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Photo: Nyani Quarmyne for the Internet Society (ISOC)

“The digital divide is not a problem the market alone will solve; we need to think differently to really expedite its closure.” The quote from lawyer Adriana Labardini, the Latin American policy and regulation coordinator for the Local Networks initiative, laid the issue out clearly during the most recent Internet Governance Forum (IGF). “Underserved communities can build their own infrastructure and take control of their digital futures, promote circular economies and empower themselves,” she added.

Experiences of community-centred connectivity around the world have been proving her point, such as those featured in the first season of the Routing for Communities podcast. In its first episode, for instance, we learn more about how the Mamaila Community Network, from South Africa, has connected over 3,000 devices since its official launch in March 2022. There, the community can connect via Wi-Fi by purchasing vouchers that give users access to the internet for a limited time, and for a price that is approximately a third of that charged by commercial operators.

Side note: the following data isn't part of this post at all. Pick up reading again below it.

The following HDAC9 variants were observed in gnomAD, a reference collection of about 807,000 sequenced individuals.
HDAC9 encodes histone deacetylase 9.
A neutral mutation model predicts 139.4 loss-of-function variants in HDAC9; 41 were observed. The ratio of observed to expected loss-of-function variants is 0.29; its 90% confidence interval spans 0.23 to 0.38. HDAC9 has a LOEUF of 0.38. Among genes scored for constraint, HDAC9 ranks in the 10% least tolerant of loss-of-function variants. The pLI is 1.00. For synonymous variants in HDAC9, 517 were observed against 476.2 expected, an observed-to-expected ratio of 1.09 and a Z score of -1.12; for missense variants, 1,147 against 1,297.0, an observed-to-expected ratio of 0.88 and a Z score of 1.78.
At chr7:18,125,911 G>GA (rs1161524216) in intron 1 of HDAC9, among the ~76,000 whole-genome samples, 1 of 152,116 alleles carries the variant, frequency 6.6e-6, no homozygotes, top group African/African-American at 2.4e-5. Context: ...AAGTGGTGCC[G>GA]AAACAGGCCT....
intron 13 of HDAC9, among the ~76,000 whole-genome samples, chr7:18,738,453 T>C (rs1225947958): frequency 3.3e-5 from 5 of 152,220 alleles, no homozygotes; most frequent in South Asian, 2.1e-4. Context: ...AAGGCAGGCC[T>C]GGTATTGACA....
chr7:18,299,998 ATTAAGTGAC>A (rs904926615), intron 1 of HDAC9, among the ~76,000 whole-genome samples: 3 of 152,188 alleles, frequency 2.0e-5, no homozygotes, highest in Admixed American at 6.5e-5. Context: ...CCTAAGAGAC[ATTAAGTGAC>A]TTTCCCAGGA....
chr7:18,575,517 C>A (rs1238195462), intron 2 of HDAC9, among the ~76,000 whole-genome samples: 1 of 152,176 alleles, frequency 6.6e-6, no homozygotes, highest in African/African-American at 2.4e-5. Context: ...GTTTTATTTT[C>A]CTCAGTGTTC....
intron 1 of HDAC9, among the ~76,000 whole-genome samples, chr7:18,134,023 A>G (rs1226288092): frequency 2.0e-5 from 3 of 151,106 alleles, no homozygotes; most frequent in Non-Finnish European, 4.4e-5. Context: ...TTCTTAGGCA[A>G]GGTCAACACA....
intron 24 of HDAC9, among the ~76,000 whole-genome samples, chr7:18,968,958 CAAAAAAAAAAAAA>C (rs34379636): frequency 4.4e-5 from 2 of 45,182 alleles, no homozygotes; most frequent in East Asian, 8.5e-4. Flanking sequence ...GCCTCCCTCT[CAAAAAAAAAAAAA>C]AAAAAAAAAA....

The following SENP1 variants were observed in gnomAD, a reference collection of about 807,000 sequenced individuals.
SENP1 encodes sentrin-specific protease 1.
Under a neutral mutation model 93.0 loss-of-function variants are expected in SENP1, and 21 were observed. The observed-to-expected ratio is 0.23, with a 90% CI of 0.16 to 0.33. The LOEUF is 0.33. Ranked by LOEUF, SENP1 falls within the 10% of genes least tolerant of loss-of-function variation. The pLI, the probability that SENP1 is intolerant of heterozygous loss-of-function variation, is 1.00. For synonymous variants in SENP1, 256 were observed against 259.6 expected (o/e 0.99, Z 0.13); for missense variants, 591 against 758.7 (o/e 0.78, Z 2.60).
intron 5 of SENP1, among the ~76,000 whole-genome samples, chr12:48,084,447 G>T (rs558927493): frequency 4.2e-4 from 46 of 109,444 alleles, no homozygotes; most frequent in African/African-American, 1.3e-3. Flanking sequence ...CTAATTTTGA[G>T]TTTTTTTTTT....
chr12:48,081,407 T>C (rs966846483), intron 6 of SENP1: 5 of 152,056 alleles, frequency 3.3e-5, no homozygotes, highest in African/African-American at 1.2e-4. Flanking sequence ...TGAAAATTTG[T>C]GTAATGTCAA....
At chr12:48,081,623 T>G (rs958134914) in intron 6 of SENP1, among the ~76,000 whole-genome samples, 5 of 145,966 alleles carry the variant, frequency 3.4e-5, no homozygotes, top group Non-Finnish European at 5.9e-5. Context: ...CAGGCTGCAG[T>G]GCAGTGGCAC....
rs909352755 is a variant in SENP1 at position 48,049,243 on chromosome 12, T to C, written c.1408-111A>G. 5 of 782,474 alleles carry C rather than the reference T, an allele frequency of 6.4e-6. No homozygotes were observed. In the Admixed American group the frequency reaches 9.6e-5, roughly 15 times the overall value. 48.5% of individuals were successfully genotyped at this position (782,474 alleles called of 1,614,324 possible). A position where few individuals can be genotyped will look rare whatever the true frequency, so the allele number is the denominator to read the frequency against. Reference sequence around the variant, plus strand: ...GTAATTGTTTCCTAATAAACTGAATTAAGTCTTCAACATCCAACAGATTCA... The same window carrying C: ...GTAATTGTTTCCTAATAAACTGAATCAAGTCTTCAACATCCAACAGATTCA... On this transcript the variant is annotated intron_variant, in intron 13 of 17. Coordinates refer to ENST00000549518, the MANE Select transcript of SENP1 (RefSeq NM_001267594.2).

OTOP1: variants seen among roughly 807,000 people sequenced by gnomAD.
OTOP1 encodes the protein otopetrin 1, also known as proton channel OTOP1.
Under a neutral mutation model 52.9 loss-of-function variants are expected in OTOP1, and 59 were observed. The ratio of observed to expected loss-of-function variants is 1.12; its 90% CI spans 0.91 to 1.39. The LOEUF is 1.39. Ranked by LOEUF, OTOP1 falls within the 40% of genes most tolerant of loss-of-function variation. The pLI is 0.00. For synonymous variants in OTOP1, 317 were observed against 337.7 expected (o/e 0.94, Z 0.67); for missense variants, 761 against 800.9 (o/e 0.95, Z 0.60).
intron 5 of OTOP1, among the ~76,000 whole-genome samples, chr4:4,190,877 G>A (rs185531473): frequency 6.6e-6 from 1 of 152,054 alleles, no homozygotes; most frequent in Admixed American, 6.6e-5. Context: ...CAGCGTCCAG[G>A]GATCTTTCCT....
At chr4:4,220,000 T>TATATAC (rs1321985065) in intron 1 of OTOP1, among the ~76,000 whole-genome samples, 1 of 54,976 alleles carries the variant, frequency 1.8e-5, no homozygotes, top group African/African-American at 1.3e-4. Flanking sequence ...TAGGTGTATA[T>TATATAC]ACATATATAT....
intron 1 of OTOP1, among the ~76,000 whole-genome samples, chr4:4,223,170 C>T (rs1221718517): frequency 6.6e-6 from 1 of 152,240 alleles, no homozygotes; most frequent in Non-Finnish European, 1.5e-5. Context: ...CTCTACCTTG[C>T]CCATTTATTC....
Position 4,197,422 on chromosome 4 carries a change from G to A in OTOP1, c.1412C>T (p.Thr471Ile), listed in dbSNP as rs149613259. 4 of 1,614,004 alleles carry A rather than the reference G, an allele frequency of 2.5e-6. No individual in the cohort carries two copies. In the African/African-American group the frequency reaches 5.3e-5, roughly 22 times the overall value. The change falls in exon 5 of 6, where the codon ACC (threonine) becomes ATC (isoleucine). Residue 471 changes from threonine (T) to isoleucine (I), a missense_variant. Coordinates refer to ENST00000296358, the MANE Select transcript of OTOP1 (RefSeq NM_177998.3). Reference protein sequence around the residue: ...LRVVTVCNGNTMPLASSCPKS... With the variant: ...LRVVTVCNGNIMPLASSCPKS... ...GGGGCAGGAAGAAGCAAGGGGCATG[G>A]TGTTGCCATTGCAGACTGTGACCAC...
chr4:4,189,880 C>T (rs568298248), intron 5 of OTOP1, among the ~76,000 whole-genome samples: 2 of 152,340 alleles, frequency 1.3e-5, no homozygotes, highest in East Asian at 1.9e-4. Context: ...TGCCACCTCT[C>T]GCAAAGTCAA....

In a different episode we hear from Chris Conder, one of the founders of Broadband for the Rural North (B4RN) – an award-winning, non-profit community network established in a rural farming area of Northern England in 2011.  “We've done it and we've done it really, really well. And it works and it's viable and it's economical and it's owned by the people. It's looked after by the people,” exults Conder in the above-mentioned podcast. Built by the members of the community, the network has already connected over 7,000 homes to the internet and offers one gigabit per second (Gbps) and higher connections at significantly lower costs than commercial operators. According to the website, the average cost for broadband in the United Kingdom is around £0.86 per megabit per month (roughly USD1). B4RN’s official price is closer to £0.03 per megabit. 

Their journeys illustrate how community-centred connectivity alternatives are more than capable of offering reliable services at affordable costs and providing service in areas left behind by large telecommunications companies. 

B4RN, however, struggled to gain access to capital for their initial network development and originally was largely funded by individuals within the community who invested their own resources in the network through a community share investment scheme. It took many years of community mobilisation to overcome the challenges posed by the lack of supportive policy as well as regulation and financing opportunities.

Individual funding, however, is not always an option where communities may not be able to finance their own networks. The Mamaila Community Network, for instance, emerged to bridge the digital divide in a village affected by other inequalities such as water access, high unemployment rates and lack of sustainable and reliable energy sources. The initiative relied on the community members’ mobilisation and solidarity. During the process of consolidating the community network, they got support from other civil society organisations.